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X-15 Pressure Suit

The X-15 pressure suit represented a major advance in pressure suit technology. (U.S. Air Force photo)

The X-15 pressure suit represented a major advance in pressure suit technology. (U.S. Air Force photo)

The X-15 pressure suit represented a major advance in pressure suit technology. (U.S. Air Force photo)

The X-15 pressure suit represented a major advance in pressure suit technology. (U.S. Air Force photo)

The X-15 pressure suit represented a major advance in pressure suit technology. (U.S. Air Force photo)

The X-15 pressure suit represented a major advance in pressure suit technology. (U.S. Air Force photo)

The X-15 pressure suit represented a major advance in pressure suit technology. (U.S. Air Force photo)

The X-15 pressure suit represented a major advance in pressure suit technology. (U.S. Air Force photo)

The X-15 pressure suit represented a major advance in pressure suit technology. (U.S. Air Force photo)

The X-15 pressure suit represented a major advance in pressure suit technology. (U.S. Air Force photo)

Note: This item is currently in storage.

This suit is an example of an XMC-2 full pressure suit developed for use in the mid-1950s jointly by Wright Field personnel and David Clark Co. for X-15 pilots. It represented a major advance in pressure suit technology serving as prototype for those used later by Mercury and Gemini astronauts. It allowed the wearer freedom of movement while keeping him comfortable and protected in the event of cabin pressure failure or emergency ejection from the X-15 at extreme altitudes. The suit incorporated a ventilation layer to cool the user and an outer heat resistant layer. The helmet was built by the Bill Jack Co. and contained oxygen equipment, a microphone, earphones and an anti-fogging feature.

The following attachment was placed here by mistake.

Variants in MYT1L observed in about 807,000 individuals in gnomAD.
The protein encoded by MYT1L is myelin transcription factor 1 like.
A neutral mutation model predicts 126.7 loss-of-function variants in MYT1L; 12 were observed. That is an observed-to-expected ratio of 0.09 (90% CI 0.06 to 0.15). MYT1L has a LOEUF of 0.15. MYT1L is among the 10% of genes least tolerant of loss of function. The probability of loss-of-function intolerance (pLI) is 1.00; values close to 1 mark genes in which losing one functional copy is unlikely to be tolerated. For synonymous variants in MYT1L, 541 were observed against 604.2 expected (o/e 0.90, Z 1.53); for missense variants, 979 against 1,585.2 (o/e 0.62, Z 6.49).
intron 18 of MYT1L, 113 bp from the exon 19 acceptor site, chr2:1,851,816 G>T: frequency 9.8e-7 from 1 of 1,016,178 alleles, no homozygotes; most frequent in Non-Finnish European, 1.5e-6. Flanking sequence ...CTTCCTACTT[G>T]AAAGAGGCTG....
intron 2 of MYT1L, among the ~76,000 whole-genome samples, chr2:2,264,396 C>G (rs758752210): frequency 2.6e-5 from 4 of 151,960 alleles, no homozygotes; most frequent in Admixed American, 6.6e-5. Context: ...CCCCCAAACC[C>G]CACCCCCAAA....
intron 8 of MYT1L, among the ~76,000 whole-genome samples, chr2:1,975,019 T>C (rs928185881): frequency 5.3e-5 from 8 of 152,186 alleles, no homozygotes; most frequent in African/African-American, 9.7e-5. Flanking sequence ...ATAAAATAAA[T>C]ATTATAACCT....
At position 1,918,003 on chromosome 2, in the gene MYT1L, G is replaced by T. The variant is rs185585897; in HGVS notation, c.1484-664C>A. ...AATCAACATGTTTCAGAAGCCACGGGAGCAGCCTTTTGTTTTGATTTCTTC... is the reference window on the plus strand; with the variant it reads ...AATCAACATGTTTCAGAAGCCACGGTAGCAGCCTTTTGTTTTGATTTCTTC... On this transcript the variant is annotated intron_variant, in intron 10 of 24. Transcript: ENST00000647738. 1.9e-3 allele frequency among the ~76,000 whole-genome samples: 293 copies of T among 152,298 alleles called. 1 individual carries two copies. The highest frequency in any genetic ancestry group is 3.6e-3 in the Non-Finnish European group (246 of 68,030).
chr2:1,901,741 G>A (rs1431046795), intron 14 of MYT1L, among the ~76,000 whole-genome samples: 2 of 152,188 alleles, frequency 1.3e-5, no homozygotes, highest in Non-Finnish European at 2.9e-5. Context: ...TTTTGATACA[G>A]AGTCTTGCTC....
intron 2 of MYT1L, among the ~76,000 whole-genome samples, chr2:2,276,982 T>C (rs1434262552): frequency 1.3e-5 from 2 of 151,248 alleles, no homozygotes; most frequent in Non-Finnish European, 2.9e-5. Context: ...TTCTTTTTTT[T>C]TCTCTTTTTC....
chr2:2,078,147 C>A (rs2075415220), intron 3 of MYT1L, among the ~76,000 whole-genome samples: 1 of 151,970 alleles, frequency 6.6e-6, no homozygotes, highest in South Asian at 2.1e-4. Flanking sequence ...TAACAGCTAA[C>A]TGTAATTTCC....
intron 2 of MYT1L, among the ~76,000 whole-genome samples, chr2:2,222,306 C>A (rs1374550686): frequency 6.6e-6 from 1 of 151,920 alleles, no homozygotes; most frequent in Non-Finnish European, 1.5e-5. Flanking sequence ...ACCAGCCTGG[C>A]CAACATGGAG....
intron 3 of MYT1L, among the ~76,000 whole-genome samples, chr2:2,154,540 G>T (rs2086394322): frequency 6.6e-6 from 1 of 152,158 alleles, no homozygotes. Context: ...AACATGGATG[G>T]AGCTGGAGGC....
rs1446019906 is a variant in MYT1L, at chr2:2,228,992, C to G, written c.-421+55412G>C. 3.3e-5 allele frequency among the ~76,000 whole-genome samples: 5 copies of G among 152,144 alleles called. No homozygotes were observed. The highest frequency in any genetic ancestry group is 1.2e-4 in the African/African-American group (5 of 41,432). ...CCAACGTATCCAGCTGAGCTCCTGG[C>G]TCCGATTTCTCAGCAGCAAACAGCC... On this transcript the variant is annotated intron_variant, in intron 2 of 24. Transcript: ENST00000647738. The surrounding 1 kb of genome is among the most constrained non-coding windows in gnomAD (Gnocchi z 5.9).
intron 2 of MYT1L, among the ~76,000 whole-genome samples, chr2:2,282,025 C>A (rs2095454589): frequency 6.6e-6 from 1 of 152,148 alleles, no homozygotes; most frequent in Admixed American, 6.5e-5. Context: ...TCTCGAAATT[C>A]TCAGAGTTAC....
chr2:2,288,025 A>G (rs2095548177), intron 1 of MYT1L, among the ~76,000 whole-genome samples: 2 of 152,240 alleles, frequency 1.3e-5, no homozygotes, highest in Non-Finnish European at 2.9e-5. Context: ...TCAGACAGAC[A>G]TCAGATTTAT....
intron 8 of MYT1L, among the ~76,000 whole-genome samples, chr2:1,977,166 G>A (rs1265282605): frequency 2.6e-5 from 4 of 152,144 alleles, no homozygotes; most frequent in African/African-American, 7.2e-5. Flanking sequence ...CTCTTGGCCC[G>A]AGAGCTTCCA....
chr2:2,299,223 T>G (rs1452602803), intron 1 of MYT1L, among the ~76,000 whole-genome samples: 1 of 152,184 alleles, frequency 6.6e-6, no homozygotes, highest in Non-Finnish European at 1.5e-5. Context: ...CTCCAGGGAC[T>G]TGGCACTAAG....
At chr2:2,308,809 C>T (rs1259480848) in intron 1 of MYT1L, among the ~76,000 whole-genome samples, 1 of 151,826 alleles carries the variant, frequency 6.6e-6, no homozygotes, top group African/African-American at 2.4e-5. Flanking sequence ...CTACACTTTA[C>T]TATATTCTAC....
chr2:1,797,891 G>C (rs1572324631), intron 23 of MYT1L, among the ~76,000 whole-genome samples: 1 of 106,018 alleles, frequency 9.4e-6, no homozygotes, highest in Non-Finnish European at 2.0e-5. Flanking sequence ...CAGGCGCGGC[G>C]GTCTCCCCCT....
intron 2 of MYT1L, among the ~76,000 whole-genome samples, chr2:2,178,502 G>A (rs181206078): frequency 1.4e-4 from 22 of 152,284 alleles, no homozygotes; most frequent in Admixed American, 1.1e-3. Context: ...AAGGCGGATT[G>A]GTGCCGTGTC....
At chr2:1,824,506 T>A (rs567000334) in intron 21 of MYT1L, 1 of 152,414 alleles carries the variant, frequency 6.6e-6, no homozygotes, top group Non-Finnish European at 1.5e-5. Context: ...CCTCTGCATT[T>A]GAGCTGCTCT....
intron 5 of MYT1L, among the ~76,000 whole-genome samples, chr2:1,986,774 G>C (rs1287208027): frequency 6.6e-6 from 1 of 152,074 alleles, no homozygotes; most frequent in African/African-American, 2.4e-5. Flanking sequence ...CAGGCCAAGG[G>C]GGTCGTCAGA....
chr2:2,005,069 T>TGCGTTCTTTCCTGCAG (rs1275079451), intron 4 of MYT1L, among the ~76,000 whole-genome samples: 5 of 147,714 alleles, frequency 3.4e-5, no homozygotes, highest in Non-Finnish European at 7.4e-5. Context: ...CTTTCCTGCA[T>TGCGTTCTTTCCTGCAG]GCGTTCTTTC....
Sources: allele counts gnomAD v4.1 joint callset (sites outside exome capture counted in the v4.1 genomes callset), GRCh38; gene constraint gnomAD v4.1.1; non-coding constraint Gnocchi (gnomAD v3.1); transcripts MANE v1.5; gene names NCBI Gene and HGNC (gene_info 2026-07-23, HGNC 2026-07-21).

Transferred from the 4756th Physiological Training Flight.

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North American X-15A-2
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In accordance with the updated guidance released by the Center for Disease Control and Prevention (CDC), the Department of Defense (DoD) and Wright-Patterson Air Force Base, the National Museum of the U.S. Air Force will require all visitors to wear face masks indoors effective July 30, 2021 until further notice.

Visitors ages three and up will be required to wear masks while indoors at the museum. This policy applies to all visitors, staff and volunteers regardless of vaccination status. Visitors may wear their own masks or a free paper mask will be provided. Cloth masks will also be available for purchase in the Museum Store.
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